Agrium-PotashCorp merger to close by year-end after Chinese approval received
The Agrium logo is shown at the company's annual meeting in Calgary, Tuesday, May 2, 2017.T Agrium Inc. (TSX:AGU) says it has sold two American assets to help win U.S. Federal Trade Commission approval of its merger with Potash Corporation of Saskatchewan Inc. (TSX:POT). THE CANADIAN PRESS/Jeff McIntosh
November 07, 2017 - 9:44 AM
CALGARY - Agrium Inc. (TSX:AGU) and Potash Corporation of Saskatchewan Inc. (TSX:POT) say they expect their merger to close by year-end after receiving conditional approval from Chinese authorities.
In a joint news release, the two fertilizer companies said China's ministry of commerce has approved the merger but requires the sale of PotashCorp's minority holdings in Arab Potash Company and Sociedad Quimica y Minera de Chile S.A. within 18 months of closing and Israel Chemicals Ltd. within nine months.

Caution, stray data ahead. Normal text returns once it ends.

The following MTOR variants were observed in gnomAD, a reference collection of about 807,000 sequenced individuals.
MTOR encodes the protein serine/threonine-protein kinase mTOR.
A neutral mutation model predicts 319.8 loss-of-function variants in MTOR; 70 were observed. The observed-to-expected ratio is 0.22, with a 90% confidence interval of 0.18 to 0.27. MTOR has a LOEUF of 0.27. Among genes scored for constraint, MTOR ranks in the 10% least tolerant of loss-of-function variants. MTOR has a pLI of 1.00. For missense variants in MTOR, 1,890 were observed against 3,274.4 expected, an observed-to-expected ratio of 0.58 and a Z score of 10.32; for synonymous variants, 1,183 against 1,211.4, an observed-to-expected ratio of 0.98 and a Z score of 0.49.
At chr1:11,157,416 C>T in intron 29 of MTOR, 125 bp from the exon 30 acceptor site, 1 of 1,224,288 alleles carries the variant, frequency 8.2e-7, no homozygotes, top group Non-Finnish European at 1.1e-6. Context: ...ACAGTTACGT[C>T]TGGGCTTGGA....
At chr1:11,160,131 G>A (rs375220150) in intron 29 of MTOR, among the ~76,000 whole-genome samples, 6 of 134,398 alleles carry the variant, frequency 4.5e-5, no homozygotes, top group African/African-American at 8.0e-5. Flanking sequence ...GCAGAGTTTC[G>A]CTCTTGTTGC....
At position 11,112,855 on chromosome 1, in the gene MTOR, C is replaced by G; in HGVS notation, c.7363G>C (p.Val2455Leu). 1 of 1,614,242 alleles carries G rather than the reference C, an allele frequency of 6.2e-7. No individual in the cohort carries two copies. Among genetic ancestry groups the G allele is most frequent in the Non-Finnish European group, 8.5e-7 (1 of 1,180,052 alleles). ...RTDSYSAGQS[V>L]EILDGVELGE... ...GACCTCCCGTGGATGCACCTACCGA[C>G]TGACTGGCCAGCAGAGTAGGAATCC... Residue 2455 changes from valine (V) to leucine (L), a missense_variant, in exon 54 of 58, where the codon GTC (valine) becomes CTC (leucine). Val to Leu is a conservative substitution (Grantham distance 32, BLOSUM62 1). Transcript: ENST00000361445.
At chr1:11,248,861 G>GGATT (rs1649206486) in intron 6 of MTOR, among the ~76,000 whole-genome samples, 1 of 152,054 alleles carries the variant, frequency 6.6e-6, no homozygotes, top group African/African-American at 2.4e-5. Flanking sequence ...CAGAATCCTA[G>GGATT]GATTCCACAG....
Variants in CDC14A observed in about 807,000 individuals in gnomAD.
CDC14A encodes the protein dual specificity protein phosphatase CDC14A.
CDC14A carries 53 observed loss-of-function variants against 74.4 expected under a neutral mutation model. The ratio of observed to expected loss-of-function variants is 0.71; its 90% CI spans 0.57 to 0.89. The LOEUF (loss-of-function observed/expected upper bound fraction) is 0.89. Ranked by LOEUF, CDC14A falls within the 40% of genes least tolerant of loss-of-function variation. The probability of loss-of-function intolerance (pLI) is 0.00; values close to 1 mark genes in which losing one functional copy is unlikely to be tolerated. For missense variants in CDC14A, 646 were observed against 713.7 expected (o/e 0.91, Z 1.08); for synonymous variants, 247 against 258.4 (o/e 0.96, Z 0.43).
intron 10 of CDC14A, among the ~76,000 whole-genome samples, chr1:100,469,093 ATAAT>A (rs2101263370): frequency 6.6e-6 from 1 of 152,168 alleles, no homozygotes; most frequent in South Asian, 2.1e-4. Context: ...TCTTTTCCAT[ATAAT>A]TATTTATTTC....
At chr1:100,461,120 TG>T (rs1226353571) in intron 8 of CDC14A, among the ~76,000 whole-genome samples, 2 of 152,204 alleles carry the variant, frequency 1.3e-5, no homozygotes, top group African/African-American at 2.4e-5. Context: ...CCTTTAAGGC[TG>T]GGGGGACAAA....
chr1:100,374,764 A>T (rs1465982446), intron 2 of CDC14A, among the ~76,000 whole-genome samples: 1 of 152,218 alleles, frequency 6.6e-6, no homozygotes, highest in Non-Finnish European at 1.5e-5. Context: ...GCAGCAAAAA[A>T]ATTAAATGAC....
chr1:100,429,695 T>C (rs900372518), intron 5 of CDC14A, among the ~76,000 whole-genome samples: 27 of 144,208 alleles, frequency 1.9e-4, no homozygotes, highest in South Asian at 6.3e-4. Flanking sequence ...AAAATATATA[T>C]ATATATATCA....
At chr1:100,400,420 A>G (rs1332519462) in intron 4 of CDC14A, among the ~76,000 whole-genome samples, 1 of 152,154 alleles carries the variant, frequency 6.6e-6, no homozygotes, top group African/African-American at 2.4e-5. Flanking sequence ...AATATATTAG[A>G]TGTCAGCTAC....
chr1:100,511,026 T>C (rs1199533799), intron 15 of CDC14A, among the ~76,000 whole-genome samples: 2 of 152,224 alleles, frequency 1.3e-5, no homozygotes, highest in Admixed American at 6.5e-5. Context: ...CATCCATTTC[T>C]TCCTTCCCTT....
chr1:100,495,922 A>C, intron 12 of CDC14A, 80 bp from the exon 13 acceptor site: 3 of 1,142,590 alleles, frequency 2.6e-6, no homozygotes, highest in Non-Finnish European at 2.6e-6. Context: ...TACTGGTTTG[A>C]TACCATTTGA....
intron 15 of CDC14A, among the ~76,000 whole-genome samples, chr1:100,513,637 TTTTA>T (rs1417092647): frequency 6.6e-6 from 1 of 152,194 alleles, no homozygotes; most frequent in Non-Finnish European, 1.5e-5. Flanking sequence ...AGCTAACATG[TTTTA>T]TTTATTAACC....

The Chinese approval also requires the conversion of PotashCorp's equity interest in Sinofert Holdings Ltd. to a passive investment prior to closing and its commitment that Canpotex will remain a reliable supplier of potash to China, they said.
The companies say they have now received clearance for the merger in Brazil, Canada, China, India and Russia, and expect to close the transaction by year-end after getting official U.S. clearance.
The merger is to create a combined company called Nutrien worth about US$36 billion.
Calgary-based Agrium said separately Tuesday it has agreed to sell two American assets to help win U.S. Federal Trade Commission approval of the deal.
It said it is selling its Conda, Idaho-based phosphate production facility and nearby mineral rights for about US$100 million, including working capital, to Toronto-based Itafos (TSXV:IFOS).
It said it is also selling its North Bend, Ohio-based nitric acid facility to a subsidiary of New York-based Trammo Inc. for an undisclosed amount.
Agrium said it will record an after-tax non-cash impairment of $178 million on the sale of the Conda plant, which represents its exit from the superphosphoric acid business in North America.
It said it has signed a long-term agreement with Itafos to supply all of the ammonia the plant needs and buy all of the monoammonium phosphate produced.
News from © The Canadian Press, 2017